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The Deep Blue Sea: Oceanography role models

Oceanography (say oh-shun-og-raffy) is the study of the oceans. It’s the currents, tides, waves and even how humans might be affecting the oceans. You are just as likely to find one of our oceanographers on a boat as in a lab!


Clare Johnson, Oceanographer, Scottish Association for Marine Science, standing next to diving equipment

Name: Dr Clare Johnson.

Job: Oceanographer, Scottish Association for Marine Science.

Hobbies: Walking my dog, art and watching ice hockey.

How did you get to where you are now?
I studied environmental science at university and chose lots of oceanography modules, I hadn’t done maths or physics A-level so had to work harder to understand. I then did a PhD in physical oceanography researching how water in the Atlantic moves and mixes.

What inspired you to choose your job?
In my first year of university, I discovered how fun it is putting instruments off boats and finding out what is happening beneath the surface of the water. The ocean is so important for climate and life on earth.

Is your job hard or dangerous or fun?
A bit of each! It’s fun learning stuff and plotting up new data, but it’s also sometimes hard when things don’t go to plan. Working at sea is a more dangerous environment than being on land as there are heavy things being lifted and wires under tension. It’s hard work but also fun!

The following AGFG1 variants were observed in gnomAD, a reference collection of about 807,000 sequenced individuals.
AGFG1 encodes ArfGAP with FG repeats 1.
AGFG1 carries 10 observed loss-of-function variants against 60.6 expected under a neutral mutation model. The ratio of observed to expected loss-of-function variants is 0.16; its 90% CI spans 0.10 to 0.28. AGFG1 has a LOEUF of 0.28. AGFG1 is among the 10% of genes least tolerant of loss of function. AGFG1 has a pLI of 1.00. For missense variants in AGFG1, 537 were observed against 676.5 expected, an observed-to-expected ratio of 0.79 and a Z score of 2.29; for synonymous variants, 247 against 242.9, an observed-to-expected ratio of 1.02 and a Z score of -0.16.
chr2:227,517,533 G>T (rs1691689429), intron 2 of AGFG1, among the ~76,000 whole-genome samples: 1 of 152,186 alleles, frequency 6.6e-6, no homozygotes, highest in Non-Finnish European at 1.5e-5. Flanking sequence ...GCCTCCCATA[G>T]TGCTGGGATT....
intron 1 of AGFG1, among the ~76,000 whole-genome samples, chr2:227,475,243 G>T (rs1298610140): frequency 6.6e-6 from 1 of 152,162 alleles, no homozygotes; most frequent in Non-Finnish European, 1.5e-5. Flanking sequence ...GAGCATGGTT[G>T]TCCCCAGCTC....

Jessica Savage, PhD Researcher in Marine Science on a beach smiling

Name: Jessica Savage.

Job: PhD Researcher in Marine Science – studying and doing new research for a university.

What three words would you use to describe yourself? Enthusiastic, determined, friendly.

How did you get to where you are now?
I always chose the subjects at school that I enjoyed the most. This led me to study mathematics, physics and German at university, followed by a master’s in tropical biology. I then took the time to decide whether I really wanted to work in science, by stepping away from it and working in a different job for a few years. I’m glad I did, because I’m now working on a project that I’m really passionate about – investigating the origins of plastic pollution in the ocean and the impacts it can have on manta rays.

What inspired you to choose your job?
I’ve always loved learning, science in general and the ocean. In the last few years, I’ve also become particularly interested in plastic pollution, and being more sustainable in my own life. My job is the perfect combination of what I’m passionate about. I can keep learning, while helping to make a difference to the planet.

What are the people you work with like?
The people I work with are very inspiring. We all have the common goal of reducing plastic pollution, which means we work very well as a team. I also work with other PhD students, who study different things, which makes it a very fun environment.

IOP oceanography role models sticker showing a wave above the sea